|By June Arney, The Baltimore Sun
Knight Ridder/Tribune Business News
Feb. 17, 2006 - Baltimore's long-awaited convention hotel is finally under way, Hilton Hotel Corp. announced yesterday.
The start of construction means that the city's convention sales team can start marketing the publicly owned hotel. Hilton, too, will open a sales office in Baltimore in August to promote what will be the city's largest hotel with its largest ballroom.
Yesterday, an elated M.J. "Jay" Brodie, Baltimore Development Corp. president and head of the newly created Baltimore Hotel Corp., said strong demand for the revenue bonds used to finance the project indicated that investors believe the city's $301 million bet will pay off.
"We all have a sense of exhilaration," Brodie said. "BACVA (Baltimore Area Convention and Visitors Association] and Hilton can take a picture of this shovel in the ground and start marketing. There's a credible facility to market."
The 20-story, 756-room hotel, to be located on Pratt Street adjacent to the Baltimore Convention Center, is slated to open Aug. 9, 2008.
Carl C. Thompson, executive director of the Society of Government Meeting Professionals, based in Alexandria, Va., said the start of construction is welcome news to plenty of meeting planners.
"It has big potential," he said. "Baltimore has really come back into the eye of a planner. There are some very nice hotels there now. It's easy to get in and out of, and the prices are reasonable. There are plus signs all over. You've got the harbor, the aquarium, the Hippodrome. I see Baltimore as going through a renaissance."
The publicly financed project, whose 27 hours of public hearings set a city record, saw overwhelming support once it hit the bond market, Brodie said.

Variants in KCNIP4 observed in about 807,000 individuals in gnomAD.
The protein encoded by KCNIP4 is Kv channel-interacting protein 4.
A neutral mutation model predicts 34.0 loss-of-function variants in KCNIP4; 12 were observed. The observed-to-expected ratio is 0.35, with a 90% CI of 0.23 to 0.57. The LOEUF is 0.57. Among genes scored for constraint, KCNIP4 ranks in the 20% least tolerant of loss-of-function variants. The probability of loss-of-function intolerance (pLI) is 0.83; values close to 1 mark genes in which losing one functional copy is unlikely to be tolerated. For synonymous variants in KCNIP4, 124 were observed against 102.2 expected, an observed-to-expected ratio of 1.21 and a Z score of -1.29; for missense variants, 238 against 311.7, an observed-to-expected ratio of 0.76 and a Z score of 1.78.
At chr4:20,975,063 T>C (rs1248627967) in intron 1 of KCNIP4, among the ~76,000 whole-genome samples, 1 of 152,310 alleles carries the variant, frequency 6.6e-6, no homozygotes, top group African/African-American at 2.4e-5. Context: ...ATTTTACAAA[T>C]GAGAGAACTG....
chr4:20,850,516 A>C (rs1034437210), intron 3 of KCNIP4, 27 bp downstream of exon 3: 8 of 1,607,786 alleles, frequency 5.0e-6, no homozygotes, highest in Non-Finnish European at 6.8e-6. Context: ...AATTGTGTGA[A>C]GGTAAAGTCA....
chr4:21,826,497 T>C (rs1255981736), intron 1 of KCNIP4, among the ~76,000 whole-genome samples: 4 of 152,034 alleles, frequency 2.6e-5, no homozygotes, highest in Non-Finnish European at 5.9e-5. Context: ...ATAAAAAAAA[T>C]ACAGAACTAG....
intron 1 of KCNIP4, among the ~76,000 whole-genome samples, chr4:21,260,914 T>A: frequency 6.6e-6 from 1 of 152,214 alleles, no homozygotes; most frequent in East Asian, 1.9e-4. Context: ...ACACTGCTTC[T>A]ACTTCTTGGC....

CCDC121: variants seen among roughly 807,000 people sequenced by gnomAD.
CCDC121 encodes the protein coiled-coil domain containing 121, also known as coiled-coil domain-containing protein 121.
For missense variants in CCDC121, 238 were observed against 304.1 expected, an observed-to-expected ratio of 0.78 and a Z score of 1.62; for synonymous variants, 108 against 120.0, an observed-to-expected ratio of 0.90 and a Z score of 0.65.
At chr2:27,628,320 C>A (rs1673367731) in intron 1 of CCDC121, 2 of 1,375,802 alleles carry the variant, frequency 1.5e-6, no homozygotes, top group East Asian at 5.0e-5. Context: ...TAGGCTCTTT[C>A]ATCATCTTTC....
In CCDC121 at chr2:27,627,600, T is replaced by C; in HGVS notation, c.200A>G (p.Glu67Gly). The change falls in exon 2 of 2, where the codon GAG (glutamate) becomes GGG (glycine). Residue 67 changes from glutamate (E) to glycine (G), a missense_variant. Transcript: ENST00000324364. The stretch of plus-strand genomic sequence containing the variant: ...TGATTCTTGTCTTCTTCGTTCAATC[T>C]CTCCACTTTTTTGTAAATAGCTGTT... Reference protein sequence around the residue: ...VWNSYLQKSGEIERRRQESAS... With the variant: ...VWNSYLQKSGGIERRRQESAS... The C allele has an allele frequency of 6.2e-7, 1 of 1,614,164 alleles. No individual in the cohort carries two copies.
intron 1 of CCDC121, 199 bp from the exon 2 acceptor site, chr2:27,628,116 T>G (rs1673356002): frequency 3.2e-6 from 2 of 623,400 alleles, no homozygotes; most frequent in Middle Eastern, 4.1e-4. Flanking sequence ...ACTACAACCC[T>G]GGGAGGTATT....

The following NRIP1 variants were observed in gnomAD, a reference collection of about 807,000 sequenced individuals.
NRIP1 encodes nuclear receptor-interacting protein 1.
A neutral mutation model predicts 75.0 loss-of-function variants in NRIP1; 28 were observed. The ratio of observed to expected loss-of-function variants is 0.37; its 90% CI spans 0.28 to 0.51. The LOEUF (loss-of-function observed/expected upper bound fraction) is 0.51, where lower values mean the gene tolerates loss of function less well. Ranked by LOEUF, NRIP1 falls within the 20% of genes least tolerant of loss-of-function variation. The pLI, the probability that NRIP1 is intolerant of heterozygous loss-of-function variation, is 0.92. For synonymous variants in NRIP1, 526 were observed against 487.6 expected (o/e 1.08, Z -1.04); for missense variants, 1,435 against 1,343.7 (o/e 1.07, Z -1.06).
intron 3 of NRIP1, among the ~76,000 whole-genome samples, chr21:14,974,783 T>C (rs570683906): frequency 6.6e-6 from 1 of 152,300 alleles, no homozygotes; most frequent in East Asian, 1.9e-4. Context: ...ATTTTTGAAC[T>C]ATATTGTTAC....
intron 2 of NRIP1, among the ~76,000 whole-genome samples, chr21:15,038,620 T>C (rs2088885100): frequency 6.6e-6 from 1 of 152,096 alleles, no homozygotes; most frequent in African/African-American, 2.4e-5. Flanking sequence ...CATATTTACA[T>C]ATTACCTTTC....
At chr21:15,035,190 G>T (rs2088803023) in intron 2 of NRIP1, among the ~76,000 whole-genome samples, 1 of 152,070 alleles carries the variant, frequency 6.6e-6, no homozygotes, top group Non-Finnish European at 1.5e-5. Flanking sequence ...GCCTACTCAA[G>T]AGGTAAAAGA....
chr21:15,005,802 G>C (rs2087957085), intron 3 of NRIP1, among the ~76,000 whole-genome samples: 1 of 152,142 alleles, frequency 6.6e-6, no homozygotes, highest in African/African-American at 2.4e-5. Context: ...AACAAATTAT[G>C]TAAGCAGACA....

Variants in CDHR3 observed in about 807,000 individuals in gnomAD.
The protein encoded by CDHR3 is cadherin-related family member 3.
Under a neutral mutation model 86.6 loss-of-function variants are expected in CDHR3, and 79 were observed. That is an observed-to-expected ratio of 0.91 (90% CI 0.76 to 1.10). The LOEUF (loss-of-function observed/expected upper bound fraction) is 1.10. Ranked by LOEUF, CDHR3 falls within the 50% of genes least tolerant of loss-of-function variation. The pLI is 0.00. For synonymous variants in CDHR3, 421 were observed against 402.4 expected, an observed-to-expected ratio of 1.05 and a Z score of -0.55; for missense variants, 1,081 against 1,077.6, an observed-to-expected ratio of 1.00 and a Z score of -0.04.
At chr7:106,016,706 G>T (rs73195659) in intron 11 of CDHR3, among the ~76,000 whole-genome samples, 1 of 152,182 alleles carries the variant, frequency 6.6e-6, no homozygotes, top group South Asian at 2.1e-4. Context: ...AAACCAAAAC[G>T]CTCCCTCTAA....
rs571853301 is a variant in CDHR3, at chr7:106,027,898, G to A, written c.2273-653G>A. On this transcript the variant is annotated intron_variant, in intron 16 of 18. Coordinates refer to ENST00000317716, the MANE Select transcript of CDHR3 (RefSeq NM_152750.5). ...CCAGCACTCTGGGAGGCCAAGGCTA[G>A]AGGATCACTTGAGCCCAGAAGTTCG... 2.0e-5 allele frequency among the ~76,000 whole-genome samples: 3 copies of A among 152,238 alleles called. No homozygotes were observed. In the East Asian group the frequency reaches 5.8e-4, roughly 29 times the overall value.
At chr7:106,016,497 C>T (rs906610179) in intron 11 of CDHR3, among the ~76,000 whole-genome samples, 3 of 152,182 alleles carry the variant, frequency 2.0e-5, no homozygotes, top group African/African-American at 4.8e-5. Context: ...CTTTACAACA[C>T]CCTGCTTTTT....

The city had offers to buy 13 times the $301.7 million worth of bonds it had to sell - testament to investor confidence in both the project and the city itself, Brodie said.
"Hotels, as a category, are more risky," he said. "Given that fact, the interest is extraordinary."
BACVA will have a block of 600 rooms available at the Hilton for events booked 12 months in advance and beyond. Room rates will range from $110 to $158 from December to February and from $140 to $200 during the peak season of April to October, according to Irene E. Van Sant, project analysis director for Baltimore Development Corp.
Hilton officials said the new hotel will help serve pent-up demand.
"No exaggeration, I get an e-mail a week from our national sales staff asking when Baltimore is going to be done because they have a customer who's interested," said David Keys, Hilton's regional vice president for Northeast sales and marketing in New York.
"There's been lots of demand for Baltimore that hasn't been able to be accommodated," Keys said.
This week, BACVA officials jumped on a scheduled industry dinner as a chance to introduce Keys to potential customers.
"They heard about it, but now it's really happening," said Ronnie Burt, vice president of convention sales and services. "We can pull the Hilton flag into our sales activities."
BACVA officials have already offered a block of 600 rooms to the National Recreation and Park Association, which plans to hold a meeting here in October 2008. The deal still needs to be finalized by Hilton.
The group will be in Baltimore over nine days, booking more than 18,000 nights in area hotels during its stay.
Between 2008 and 2018, BACVA has 32 groups booked that will need 198,288 nights. Some of those groups already have designated hotels.
BACVA also has 103 groups tentatively booked during that time period with the potential of 480,145 hotel nights.
Burt said his organization is crafting marketing designed to target groups that opted against Baltimore in the past because the city lacked a headquarters hotel.
"Now that we have one, how can we get our foot back in the door with those customers," he said.
Besides 600 rooms at the Hilton, Baltimore typically is able to get 200 to 250 rooms each from the Hyatt and the Sheraton, which also connect to the convention center, Burt said.
"We can offer more inventory," he said. "We can offer a tighter package and not spread rooms out."
Copyright (c) 2006, The Baltimore Sun
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